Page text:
What Researchers of Voter Fraud See in Trump’s New Commission

May 16, 2017

The Washington Post / Getty Images
President Trump (left) signed an executive order last week creating a commission to investigate alleged voter fraud that will be led by Kansas’ secretary of state, Kris Kobach (right), and Vice President Mike Pence.
President Trump signed an executive order last week establishing a commission to investigate the integrity of America’s election process. Voting integrity has been a concern for the president, who continues to allege rampant voter fraud in the 2016 election, without citing credible evidence.

As the seven-member commission begins its work, it might consider a paper by Dartmouth College scholars that’s based on a search for voter fraud in the November election. Before November 8, the paper’s authors saw accusations of a voter-fraud conspiracy coming, and were ready to investigate.

Well, sort of, said Sean J. Westwood, an assistant professor of government and an author of the paper. "To be perfectly honest with you, we expected Trump to lose, and when he lost, we expected him to attribute his loss to voter fraud," Mr. Westwood said.

With that in mind, last summer the Dartmouth team prepared to investigate some of the alleged threats to voting integrity raised by Mr. Trump during the campaign: noncitizens voting, votes cast in the names of deceased people, fraud by election officials, and fraud in electronic voting.

Mr. Trump won, however, so the team "let the project die for a couple of weeks," Mr. Westwood said.

"We just figured that maybe nobody would be interested in the results, given that Trump won and that these accusations would probably go away," said David Cottrell, a postdoctoral fellow in quantitative social science and another author of the paper.

Then a tweet and recurring comments by Mr. Trump gave the Dartmouth researchers a reason to push on with the project. "Our original purpose for the project has changed from responding to a recalcitrant loser to responding to a recalcitrant winner, which objectively doesn’t make much sense," Mr. Westwood said.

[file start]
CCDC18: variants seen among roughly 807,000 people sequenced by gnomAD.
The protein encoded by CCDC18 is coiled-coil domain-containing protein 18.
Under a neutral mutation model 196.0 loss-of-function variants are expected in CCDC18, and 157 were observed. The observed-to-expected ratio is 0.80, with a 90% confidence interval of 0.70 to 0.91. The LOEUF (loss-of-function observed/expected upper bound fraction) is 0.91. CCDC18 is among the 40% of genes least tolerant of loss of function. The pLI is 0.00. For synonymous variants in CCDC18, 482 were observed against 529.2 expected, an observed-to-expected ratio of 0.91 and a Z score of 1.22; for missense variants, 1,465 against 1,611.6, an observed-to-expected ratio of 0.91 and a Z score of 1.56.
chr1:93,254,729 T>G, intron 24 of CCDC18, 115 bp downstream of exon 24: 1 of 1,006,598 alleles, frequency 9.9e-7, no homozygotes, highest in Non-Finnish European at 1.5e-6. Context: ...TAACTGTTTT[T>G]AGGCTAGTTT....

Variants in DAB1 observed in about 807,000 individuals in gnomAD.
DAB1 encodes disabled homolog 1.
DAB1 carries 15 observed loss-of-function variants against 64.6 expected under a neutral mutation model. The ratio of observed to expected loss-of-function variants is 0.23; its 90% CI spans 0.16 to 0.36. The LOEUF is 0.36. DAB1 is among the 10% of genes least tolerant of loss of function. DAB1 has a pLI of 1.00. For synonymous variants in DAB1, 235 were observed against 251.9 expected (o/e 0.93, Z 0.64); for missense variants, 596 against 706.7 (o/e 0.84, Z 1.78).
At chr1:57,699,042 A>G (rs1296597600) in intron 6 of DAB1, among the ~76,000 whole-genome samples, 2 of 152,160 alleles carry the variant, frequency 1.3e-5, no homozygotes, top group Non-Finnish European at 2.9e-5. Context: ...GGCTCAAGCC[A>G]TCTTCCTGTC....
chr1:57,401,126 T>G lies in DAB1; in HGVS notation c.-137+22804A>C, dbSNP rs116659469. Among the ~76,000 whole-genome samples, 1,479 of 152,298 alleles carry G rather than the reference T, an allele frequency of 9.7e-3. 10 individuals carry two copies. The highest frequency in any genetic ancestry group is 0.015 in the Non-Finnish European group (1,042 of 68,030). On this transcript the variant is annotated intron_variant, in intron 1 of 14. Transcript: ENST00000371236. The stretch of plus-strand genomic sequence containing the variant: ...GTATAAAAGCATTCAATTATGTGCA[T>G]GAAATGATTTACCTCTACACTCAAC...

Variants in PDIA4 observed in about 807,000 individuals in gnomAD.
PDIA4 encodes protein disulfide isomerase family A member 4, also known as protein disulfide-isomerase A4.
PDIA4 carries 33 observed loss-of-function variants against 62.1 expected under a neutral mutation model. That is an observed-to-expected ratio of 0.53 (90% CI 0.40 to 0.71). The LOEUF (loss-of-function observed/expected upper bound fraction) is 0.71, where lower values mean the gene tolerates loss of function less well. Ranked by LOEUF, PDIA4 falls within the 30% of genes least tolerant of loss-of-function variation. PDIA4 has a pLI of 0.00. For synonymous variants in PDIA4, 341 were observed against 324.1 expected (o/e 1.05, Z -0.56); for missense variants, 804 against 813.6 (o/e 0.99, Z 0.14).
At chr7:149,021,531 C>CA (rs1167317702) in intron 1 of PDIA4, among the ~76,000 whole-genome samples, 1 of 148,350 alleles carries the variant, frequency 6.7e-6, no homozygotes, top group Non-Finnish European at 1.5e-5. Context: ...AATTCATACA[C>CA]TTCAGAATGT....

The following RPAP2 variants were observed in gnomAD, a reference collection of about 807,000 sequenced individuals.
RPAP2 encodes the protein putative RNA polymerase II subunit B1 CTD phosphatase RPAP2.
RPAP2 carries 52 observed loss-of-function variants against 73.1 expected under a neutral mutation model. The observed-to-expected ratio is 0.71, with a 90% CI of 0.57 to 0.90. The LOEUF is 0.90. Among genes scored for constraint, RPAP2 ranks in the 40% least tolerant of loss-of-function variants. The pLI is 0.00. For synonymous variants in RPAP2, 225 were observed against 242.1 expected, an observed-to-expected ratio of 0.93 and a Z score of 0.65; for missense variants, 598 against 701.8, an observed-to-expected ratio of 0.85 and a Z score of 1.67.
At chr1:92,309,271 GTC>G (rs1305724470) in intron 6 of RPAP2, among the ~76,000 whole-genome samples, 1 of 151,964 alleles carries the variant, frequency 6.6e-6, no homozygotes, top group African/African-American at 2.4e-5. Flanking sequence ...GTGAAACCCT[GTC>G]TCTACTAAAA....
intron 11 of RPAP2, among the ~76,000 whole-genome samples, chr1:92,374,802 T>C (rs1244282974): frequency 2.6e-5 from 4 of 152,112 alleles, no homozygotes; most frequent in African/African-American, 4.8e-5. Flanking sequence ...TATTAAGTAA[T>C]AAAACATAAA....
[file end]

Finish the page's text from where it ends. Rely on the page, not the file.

The study analyzed turnout in 2012 and 2016, and used that comparison as a means of looking for cases of possible fraud. Then the researchers used different tactics to evaluate each case, such as analyzing voter turnout alongside reported deaths in a given county, to examine the allegation about deceased voters.

As for the results: The researchers didn’t find any evidence to suggest widespread voter fraud. The authors of the paper note that their work doesn’t constitute a complete audit of the 2016 election results, but Mr. Cottrell doubts the Trump commission will do a full audit either. Going county by county "would be time-consuming, and there’s all sorts of feasibility issues related to that," including lost, discarded, or not-yet-released data.


The executive order signed by Mr. Trump does not specifically refer to the 2016 campaign, even as the president has mentioned it several times in interviews and on Twitter. Instead, the order creates a commission — led by the vice president, Mike Pence, and Kansas’ secretary of state, Kris Kobach — to "study vulnerabilities in voting systems used for federal elections that could lead to improper voter registrations, improper voting, fraudulent voter registrations, and fraudulent voting."

Mr. Westwood said he doubts that it will yield much useful information.